8 pages in length. There are many answers to the question that asks why seemingly "normal" people commit such unthinkable crimes as murder. To look at Ted Bundy, there is no indication of the monster that lived within - the attractive, artful sociopath whose intelligence and wit enraptured all who crossed his path. Bibliography lists 9 sources.
indication of the monster that lived within - the attractive, artful sociopath whose intelligence and wit enraptured all who crossed his path. For the most part, people like Bundy
are considered failures at life, a reality that is often only made apparent after the fact. Crime author Ron Holmes says serial killing is an addiction, and murderers ultimately
get caught because they slip up on the small things, getting lazy after committing the same crimes over and over again and just not paying attention to detail (Toufexis, 1994).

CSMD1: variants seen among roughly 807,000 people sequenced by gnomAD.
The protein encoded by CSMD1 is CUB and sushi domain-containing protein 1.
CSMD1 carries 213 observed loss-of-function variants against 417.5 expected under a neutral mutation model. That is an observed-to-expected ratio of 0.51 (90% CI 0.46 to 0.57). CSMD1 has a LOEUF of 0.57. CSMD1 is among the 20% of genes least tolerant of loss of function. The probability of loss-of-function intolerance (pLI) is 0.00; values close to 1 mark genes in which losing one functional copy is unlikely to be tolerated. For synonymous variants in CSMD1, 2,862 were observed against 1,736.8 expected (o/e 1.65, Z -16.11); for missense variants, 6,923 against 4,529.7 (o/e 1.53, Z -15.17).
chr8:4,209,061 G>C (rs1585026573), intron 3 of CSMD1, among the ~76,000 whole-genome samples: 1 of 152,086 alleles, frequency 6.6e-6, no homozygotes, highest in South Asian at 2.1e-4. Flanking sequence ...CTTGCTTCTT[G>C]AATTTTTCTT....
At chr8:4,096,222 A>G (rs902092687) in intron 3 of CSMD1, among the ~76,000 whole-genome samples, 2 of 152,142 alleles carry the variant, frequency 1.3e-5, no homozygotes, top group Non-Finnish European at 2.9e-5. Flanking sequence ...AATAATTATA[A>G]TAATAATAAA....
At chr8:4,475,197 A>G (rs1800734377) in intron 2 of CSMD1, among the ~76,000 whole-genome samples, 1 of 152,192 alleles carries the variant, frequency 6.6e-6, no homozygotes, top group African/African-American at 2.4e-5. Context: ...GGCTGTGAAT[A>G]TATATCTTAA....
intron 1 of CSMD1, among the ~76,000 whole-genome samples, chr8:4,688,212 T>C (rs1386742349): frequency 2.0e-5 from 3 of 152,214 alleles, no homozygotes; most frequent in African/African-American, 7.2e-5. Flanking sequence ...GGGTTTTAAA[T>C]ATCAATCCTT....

Perhaps Bundy put it best himself: "You learn what you need to know to kill and take care of the details, like changing a tire. The first
time youre careful; the 30th time you cant remember where you put the lug wrench" (Toufexis, 1994, p. 64). Kids will be
kids, except when they hurt, torture or kill animals. That, say behaviorists, is one of the significant indications of underlying psychological trouble. Bundy, along with murderer Charlie Manson,
Jeffrey Dahmer and most other killers of this sort, began their torturous abuse on animals. Indeed, the evidence that childhood animal abuse ultimately leads to adulthood crimes is irrefutable.
Senator Ed Perlmutter, who sponsored a bill to stiffen the punishment of animal cruelty charges, has no doubt that animal cruelty is linked
with "much more serious crimes" (Sanko, 1997, p. 38A) later in life. It is as though the animals act as practice tools until the time is right to graduate
up to humans; with the help of new laws currently being passed in several states, however, law enforcement is now taking a closer look at the connection (Capuzzo, 1996).